Bridget Jones: The Edge of Reason

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A movie review by James Berardinelli



Bridget Jones: The Edge of Reason

COMEDY:

United Kingdom/United States, 2004

U.S. Release Date:

2004-11-19

Running Length:

1:44

MPAA Classification:

R (Profanity, Sexual Situations)

Theatrical Aspect Ratio:

2.35:1

Cast:

Renée Zellweger, Hugh Grant, Colin Firth, Jim Broadbent, Gemma Jones, Jacinda Barrett

Director:

Beeban Kidron

Screenplay:

Andrew Davies and Helen Fielding and Richard Curtis and Adam Brooks, based on the novel by Helen Fielding

Cinematography:

Adrian Biddle

Music:

Harry Gregson-Williams

U.S. Distributor:

Universal Pictures

Subtitles:

none


Bridget Jones' Diary was an unexpected delight: a witty, enjoyable trifle that touched the heart while tickling the funny bone. Sadly, Bridget Jones: The Edge of Reason isn't anywhere close to being that good. This has the feel of a movie that exists exclusively because its predecessor was a financial success. On those rare occasions when The Edge of Reason isn't regurgitating material from Bridget Jones' Diary, it is taking ill-advised excursions into unfunny slapstick and sappy melodrama. Bridget Jones in a Thai prison? Who thought up that bit of absurdity?

Arguably, the real problem with The Edge of Reason is that Bridget Jones' Diary was designed as a stand-alone. It told the whole story, and ended with a "happily-ever-after" promise. Where can a story go from there? As it turns out, nowhere. In order to get viewers back into theaters for the second installment, the filmmakers are forced to replay large chunks of the first movie. The sense of déjà vu is incomplete, however. While the situations seem familiar, the characters (with one exception) are muted echoes of their previous incarnations. And the comedy is a couple of notches lower. I laughed a lot more during Bridget Jones' Diary than during The Edge of Reason.

"Happily-ever-after" lasts about two months, then Bridget (Renée Zellweger) and Mark (Colin Firth) have an unfortunate falling-out. Jealousy rears its ugly head, and Bridget is sure her perfect Mr. Darcy is messing around with his co-worker, Rebecca (Jacinda Barrett). Plus, when he says he has a very important question to ask her, it turns out not to be the question (something anyone who watches sit-coms will immediately realize). After Bridget dumps Mark, who should be waiting for her but Daniel Cleaver (Hugh Grant)? It turns out that he wants at least one more night with the girl in the big underpants. So, as in the first, Daniel provides the romantic complications that threaten Bridget and Mark's relationship. But, never fear, "happily-ever-after" returns to save the day. And, this time, Bridget even gets to kiss another woman.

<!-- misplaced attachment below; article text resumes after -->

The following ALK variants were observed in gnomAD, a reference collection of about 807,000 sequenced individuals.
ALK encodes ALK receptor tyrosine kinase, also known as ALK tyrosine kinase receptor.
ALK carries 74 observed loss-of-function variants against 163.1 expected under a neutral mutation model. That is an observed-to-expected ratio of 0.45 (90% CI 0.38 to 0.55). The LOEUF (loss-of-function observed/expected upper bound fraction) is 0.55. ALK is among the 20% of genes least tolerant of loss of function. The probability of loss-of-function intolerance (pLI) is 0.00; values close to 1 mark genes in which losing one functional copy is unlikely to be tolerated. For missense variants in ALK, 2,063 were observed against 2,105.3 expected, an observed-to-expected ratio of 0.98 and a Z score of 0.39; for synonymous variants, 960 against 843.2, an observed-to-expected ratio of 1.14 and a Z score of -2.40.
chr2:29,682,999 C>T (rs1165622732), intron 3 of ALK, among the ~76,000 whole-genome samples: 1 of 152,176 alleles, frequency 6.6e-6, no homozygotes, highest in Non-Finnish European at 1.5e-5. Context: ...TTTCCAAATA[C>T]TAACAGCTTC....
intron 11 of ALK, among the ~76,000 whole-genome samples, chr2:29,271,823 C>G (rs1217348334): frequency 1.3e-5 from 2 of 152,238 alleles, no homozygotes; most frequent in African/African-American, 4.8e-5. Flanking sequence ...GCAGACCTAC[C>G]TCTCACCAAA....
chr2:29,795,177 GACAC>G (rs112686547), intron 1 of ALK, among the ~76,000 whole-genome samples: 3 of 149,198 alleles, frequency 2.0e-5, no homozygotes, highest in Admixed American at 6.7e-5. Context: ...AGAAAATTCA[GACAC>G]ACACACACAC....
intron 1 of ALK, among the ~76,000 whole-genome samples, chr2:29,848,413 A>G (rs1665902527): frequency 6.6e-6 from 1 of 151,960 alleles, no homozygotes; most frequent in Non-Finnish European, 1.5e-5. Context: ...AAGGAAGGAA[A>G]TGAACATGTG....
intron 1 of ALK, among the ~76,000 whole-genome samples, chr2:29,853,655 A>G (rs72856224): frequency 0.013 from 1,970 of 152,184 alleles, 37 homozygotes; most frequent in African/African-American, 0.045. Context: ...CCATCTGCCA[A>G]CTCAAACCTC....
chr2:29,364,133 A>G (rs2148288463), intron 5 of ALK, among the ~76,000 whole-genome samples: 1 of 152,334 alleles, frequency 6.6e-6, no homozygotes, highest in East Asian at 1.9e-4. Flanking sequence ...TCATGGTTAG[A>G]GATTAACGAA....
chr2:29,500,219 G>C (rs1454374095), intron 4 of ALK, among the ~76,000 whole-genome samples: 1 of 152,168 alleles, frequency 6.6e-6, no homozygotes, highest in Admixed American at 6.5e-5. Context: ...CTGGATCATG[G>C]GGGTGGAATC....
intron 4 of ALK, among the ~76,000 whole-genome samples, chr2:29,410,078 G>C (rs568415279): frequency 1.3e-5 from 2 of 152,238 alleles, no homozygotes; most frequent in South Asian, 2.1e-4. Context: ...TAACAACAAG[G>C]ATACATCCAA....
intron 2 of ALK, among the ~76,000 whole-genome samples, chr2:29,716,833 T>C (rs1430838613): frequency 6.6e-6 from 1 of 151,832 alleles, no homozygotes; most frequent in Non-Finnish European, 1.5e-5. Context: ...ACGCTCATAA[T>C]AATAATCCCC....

Perhaps it's unfair to call Colin Firth's performance "muted," since one could argue that the whole point of his character is to be dialed down. But the problem is, Firth's Darcy charisma is gone. He was delightful in both the Pride and Prejudice TV mini-series and Bridget Jones' Diary, but the intangible is missing. Meanwhile, aside from superficialities (like the weight issue), Zellweger's Bridget Mark II doesn't bear much resemblance to Mark I. The Bridget of Bridget Jones' Diary seemed like a real person; this one is a caricature. The performance is lazy; this may be the least appealing work Zellweger has exhibited in a major role. And, although she gained back the pounds, she lost the knack of the accent. This time around, it would be charitable to call Zellweger's accent "uneven."

The only time the movie gains a pulse is when Hugh Grant is on screen. Grant reprises the part of Daniel with the perfect mix of charm and oiliness. It's a delightful mix, and Grant plays the role to the hilt. Unfortunately, his screen time is no more than 25 minutes, and the running length of the movie is quadruple that. Character actors like Jim Broadbent and Gemma Jones (as Bridget's dad and mum) are short-changed - they have glorified cameos.

The film, helmed by Beeban Kidron (who previously directed the mediocre To Wong Foo, Thanks for Everything! Julie Newmar and the bad Swept from the Sea), goes for obvious slapstick in place of the character-based humor favored by Bridget Jones' Diary director, Sharon Maguire. To be funny, pratfalls have to be perfectly timed. Nothing about The Edge of Reason is perfect, least of all the timing. In addition to a lot of failed physical jokes, the movie does some strange things - like sticking Bridget in a Thai prison for about 10 minutes. This leads to a bizarre rendition of "Like a Virgin." (If the producers had really wanted to go over the top, why not use Broadbent for this? His interpretation of the song, as presented in Moulin Rouge, is, after all, definitive.)

Perhaps my expectations for The Edge of Reason were unreasonably high. Consider the source material, for a start. Bridget Jones' Diary was a loose, modern-day re-interpretation of Jane Austen's Pride and Prejudice. The Edge of Reason has no such impressive pedigree. Whether the problem lies mainly with Helen Fielding's novel or with the translation to the screen (and, not having read The Edge of Reason, I don't have an opinion), the fact is that the second Bridget Jones movie is inferior. Die-hard fans are advised to wait for the video. Everyone else would be better off pretending that this movie doesn't exist. In the long run, you'll have a higher opinion of everyone involved.





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